Written by Caitlin Jans March 30th, 2023

The Current State of Writing and AI

To be clear, I’m not a tech expert, or a science writer. I am in no way an expert in terms of chatbots and AI. So, if you are hoping to read an article written by an expert in this field, this is not the article for you.

I’m writing this article from my perspective, which is that of a writer who is also part of the publishing industry as both an editor and a researcher.

This article is about the current and possible future implications of AI writing which is largely, right now, linked to ChatGPT.

My partner who is tech inclined, first told me about ChatGPT back in the late fall. He’d been chatting to it, and trying to get it to write a poem. It only wrote rhyming poems, even when he told it not to. I was not impressed. The poems were horrible, and most of the non-poetic answers were also bad, because they only seemed to make sense, if you read them closely they stopped making sense. It was easy to tell within a few sentences that something was awry — like they were writing around a point.

I was a little alarmed because my artist friends had already been badly impacted by AI’s advancements in their field, but it all seemed a little abstract. But just a few weeks later I started seeing ads for AI writing assistants on FB.

Within a month I received an article submission that read exactly like ChatGPT’s responses to my partner’s questions. Seemingly substantial but saying nothing concrete the minute you started to look close. I ran it through a detector and sure enough, it was AI written. I rejected the author without specifying why, and moved on.

I’ve gotten only a few AI-written submissions since then, but other publishers have closed to submissions because of it. Clarksworld recently had to close to submissions because of the situation (you can read more about it here). Candlemark & Gleam, a speculative fiction publisher we recently reviewed had to close for the same reasons (you can learn more here).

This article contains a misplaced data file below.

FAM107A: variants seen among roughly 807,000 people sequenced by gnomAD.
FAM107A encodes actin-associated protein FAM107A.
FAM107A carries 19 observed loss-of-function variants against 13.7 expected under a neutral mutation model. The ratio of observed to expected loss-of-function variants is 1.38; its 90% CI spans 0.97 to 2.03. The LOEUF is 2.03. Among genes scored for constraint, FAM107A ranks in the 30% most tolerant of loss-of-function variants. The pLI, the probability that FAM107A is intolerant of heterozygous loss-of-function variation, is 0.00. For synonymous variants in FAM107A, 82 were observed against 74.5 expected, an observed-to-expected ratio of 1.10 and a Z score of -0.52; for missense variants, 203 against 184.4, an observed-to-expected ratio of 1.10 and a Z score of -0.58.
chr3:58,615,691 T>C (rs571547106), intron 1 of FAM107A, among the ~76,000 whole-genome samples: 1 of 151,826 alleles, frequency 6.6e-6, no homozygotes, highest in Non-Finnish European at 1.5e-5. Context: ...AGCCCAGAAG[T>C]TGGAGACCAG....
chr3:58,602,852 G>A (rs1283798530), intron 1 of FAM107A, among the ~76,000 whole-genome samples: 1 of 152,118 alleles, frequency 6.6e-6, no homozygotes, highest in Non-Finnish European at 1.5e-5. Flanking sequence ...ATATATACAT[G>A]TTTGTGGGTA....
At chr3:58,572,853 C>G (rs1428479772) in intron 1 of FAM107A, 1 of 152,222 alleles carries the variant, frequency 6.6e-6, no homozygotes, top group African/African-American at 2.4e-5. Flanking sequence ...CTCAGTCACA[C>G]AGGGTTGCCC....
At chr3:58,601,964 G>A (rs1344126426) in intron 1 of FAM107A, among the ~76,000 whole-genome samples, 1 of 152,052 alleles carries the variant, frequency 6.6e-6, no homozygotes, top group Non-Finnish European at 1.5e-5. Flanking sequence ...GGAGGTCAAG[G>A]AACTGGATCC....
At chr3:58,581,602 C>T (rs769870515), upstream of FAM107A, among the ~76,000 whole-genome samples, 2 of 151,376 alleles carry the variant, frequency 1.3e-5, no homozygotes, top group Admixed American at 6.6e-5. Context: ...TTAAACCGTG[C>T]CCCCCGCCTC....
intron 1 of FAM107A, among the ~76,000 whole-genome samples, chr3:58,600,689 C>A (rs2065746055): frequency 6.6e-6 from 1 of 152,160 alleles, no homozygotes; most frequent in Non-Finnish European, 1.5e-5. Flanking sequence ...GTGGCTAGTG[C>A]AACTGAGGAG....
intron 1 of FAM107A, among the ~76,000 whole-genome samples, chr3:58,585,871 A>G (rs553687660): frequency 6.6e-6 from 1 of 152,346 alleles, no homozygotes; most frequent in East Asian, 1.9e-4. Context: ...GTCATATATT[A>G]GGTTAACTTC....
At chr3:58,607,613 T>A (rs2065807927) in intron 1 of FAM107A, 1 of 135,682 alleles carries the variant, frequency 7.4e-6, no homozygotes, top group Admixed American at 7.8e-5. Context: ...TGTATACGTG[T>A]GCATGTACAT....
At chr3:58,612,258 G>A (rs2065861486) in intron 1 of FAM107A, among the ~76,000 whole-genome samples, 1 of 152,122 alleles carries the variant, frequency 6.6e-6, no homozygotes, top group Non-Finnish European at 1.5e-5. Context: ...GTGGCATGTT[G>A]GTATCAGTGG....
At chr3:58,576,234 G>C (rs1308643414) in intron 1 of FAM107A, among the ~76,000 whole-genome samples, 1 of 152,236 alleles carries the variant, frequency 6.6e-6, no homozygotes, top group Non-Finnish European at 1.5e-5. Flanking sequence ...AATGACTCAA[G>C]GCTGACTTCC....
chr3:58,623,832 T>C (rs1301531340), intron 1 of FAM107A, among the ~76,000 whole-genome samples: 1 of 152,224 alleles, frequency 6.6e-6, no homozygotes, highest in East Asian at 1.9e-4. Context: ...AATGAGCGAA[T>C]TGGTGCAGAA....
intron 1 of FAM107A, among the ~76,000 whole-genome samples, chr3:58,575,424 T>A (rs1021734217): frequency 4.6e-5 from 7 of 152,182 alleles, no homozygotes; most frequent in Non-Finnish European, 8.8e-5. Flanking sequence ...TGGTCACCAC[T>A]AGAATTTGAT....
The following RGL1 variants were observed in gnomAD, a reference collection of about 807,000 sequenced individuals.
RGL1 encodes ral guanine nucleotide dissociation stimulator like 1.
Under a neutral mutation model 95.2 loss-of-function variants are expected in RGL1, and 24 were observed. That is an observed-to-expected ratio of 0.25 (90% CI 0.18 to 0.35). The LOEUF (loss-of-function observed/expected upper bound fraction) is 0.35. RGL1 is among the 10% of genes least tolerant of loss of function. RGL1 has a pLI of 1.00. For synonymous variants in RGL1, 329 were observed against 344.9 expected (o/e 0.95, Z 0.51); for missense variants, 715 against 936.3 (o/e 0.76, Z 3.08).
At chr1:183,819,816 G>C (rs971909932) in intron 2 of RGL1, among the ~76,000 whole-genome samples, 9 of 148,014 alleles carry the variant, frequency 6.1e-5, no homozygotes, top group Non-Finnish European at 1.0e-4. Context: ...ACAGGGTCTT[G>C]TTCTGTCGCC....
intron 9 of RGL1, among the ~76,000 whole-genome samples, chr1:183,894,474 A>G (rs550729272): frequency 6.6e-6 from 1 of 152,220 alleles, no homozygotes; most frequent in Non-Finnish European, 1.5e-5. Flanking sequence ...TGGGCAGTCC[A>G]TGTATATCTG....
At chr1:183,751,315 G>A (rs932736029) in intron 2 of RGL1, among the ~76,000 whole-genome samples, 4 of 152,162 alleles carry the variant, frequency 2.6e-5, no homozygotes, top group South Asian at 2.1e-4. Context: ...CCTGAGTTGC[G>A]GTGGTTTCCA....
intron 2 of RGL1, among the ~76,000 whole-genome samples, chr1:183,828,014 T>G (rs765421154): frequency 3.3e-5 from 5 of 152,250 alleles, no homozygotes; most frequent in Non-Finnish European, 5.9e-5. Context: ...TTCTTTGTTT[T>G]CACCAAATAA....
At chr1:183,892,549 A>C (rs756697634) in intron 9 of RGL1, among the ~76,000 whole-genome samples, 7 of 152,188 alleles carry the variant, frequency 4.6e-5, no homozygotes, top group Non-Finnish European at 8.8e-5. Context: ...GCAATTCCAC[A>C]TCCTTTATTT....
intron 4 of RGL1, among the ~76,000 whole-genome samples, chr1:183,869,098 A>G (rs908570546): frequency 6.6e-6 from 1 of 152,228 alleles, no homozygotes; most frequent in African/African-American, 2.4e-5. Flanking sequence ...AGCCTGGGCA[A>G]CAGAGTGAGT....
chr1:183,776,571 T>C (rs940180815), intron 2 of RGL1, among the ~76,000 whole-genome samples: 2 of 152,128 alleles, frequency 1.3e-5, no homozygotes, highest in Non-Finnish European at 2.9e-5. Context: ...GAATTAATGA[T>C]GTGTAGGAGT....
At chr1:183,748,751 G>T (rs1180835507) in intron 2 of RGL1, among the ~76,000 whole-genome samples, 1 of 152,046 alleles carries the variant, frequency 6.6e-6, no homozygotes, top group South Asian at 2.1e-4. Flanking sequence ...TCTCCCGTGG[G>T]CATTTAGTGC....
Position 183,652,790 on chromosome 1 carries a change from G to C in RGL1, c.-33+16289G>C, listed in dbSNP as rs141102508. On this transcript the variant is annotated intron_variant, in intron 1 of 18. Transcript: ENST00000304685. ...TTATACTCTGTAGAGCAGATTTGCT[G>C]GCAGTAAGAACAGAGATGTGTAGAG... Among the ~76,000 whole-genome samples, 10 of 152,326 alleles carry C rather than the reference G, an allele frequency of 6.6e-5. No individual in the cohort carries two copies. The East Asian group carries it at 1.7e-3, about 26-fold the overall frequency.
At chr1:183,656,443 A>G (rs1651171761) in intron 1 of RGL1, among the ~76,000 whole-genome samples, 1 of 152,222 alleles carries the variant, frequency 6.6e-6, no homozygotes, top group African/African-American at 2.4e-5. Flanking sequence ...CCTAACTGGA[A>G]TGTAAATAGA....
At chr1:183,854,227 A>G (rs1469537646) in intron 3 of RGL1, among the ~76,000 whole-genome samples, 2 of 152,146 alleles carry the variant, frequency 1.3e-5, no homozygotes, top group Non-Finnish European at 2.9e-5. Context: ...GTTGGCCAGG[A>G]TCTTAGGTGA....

So far it has seemed to impact science fiction publishers the most. But a number of non-genre literary journals have started to add notes about not allowing ChatGPT’s submissions to their publications. It’s even started to impact fanfiction. A03, the Hugo award winning fanfiction site, has had more and more chat-written fics populating the site, although their terms of use have not changed to exclude them, at this time.

The problem is, that many traditional publishers already struggled to keep up with submissions when they were just written by people. Many publishers were already struggling with mass submission issues, that I write about at length here. It’s one of the reasons why many publishers are closed to un-agented submissions or have very short windows for submissions, even before AI writing showed up on the scene.

As someone who has spent the last decade plus of their life trying to support diversity and accessibility in publishing, this is really disheartening. A lot of publishers in recent years have started having open access submission windows as a way to counter the long-term gatekeeping and insular nature of publishing. I’m worried that these developments will hamper a lot of their effort, and encourage publishers who have been more open to general submissions in the past to change their policy.

As a writer who passionately loves writing, I have a hard time making sense of why anyone would use ChatGPT, because why would I get an AI to do something that gives me so much joy? I’d much rather have a robot vacuum my floors so that I have more time to write, than to have it write for me.

But I do know writers that have found it helpful to figure out plot holes and other aspects of writing. I just already know it’s not for me.

The last thing that I want everyone to consider, in closing, is how visual artists are already being impacted by this in a real way. I have a friend, who’d made his living for years as an artist until recently.  This fall he had to return to a more traditional day job, because his clients had replaced him with AI.

As fellow creatives I think writers need to stand in solidarity with artists and not use AI image generation, which many people are already using for book covers (sometimes unknowingly, till a certain point) and other promotional material.  You can learn more about how it is impacting artists and stealing from them here.

If you have any questions, thoughts, or are a tech writer with a more informed opinion on that side of this issue, I’d love to hear from you, at support@authorspublish.com.



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